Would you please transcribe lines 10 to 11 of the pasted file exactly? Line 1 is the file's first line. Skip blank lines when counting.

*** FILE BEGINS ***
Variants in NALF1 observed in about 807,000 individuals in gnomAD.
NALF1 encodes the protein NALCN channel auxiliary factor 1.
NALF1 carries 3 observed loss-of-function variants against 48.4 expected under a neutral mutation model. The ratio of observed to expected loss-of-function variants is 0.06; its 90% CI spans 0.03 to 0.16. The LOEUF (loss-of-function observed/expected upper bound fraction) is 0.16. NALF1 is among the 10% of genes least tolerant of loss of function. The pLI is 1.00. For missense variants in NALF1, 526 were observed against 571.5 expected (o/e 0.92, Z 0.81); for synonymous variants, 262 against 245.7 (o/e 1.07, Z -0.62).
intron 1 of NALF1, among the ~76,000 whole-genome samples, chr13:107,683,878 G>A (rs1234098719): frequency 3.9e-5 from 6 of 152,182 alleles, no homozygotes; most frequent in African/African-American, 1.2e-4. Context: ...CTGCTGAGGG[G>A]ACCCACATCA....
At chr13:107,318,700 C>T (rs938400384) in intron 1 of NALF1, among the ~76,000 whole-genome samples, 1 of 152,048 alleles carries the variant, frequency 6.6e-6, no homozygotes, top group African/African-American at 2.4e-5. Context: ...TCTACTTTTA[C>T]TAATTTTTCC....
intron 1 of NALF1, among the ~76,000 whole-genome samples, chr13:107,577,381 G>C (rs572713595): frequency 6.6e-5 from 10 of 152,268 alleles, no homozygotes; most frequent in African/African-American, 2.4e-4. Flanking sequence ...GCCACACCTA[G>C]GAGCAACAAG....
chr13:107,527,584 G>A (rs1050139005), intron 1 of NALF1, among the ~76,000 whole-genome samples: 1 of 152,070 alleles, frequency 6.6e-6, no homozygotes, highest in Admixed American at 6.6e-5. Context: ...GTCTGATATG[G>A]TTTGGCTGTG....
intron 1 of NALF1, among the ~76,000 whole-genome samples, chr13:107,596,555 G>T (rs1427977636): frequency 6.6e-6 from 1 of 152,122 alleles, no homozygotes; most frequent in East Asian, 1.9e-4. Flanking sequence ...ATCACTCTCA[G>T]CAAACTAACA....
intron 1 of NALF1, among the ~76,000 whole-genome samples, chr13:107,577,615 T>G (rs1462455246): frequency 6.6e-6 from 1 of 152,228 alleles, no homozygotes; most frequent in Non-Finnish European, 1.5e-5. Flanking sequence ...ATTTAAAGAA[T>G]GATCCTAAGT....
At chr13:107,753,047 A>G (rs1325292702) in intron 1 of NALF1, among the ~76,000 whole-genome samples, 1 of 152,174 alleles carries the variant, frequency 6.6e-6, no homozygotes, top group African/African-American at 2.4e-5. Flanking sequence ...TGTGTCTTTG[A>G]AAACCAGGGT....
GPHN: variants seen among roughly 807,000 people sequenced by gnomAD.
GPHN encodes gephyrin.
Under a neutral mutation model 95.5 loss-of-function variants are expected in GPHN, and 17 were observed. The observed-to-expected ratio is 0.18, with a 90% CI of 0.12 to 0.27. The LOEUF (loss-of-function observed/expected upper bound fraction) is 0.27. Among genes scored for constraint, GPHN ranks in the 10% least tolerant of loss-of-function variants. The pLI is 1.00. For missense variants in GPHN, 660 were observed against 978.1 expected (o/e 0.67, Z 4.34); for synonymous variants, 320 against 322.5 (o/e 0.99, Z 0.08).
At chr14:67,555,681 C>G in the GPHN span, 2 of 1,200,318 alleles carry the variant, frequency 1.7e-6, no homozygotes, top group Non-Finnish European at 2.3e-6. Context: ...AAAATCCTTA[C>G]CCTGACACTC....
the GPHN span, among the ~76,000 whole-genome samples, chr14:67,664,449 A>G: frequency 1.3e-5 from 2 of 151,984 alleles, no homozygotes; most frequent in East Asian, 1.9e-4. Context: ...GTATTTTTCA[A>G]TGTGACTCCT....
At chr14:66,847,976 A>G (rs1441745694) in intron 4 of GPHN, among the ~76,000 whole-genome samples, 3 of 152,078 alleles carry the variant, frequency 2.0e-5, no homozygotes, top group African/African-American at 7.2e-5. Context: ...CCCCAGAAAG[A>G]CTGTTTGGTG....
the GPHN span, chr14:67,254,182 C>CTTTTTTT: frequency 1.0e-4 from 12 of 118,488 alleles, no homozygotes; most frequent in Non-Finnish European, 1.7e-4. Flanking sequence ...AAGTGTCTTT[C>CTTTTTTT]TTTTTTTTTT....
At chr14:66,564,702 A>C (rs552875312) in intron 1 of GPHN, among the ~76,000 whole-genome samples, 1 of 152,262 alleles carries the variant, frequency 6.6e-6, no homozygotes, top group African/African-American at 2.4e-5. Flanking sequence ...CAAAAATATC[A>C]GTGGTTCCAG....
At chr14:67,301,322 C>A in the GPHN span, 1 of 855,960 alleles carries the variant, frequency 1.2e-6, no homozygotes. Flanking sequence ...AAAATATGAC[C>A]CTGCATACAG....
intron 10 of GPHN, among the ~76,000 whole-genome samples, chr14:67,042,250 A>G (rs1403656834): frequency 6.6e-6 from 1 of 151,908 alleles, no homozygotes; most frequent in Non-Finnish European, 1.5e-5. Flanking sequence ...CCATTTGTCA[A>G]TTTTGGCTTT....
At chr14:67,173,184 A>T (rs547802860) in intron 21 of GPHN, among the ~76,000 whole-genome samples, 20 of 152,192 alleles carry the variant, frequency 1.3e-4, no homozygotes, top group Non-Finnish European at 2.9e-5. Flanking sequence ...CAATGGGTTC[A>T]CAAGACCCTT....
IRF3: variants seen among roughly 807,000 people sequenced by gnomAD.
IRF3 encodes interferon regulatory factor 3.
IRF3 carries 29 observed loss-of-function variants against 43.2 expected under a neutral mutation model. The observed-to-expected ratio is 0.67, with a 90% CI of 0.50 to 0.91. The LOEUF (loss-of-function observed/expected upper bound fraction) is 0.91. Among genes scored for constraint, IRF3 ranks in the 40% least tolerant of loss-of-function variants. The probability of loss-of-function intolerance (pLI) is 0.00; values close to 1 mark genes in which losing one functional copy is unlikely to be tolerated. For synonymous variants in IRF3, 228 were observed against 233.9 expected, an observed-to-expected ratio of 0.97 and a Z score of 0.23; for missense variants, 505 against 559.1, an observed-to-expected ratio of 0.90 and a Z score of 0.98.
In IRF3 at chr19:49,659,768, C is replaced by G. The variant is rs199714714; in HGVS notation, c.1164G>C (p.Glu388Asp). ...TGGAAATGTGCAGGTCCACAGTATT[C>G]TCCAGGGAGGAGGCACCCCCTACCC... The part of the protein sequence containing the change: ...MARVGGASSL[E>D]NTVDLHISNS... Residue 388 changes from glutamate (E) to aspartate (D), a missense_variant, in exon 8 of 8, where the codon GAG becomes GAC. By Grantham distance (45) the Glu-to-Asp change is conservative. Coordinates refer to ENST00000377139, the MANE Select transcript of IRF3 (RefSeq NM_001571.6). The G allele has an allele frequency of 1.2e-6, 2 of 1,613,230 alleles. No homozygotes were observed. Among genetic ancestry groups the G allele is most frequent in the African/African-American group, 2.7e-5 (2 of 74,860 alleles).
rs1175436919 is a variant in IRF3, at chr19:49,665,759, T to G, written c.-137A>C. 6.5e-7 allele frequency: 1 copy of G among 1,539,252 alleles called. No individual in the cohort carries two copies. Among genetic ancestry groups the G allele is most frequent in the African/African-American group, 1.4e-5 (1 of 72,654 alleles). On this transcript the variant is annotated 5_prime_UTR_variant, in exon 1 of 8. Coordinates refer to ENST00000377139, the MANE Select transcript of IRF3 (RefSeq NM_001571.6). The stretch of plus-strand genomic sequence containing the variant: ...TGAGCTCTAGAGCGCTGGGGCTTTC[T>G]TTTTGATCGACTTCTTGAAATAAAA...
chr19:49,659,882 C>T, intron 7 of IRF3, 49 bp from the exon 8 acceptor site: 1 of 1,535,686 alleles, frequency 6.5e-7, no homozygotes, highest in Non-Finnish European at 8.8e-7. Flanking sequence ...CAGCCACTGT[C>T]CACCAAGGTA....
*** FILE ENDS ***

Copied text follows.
At chr13:107,753,047 A>G (rs1325292702) in intron 1 of NALF1, among the ~76,000 whole-genome samples, 1 of 152,174 alleles carries the variant, frequency 6.6e-6, no homozygotes, top group African/African-American at 2.4e-5. Flanking sequence ...TGTGTCTTTG[A>G]AAACCAGGGT....
GPHN: variants seen among roughly 807,000 people sequenced by gnomAD.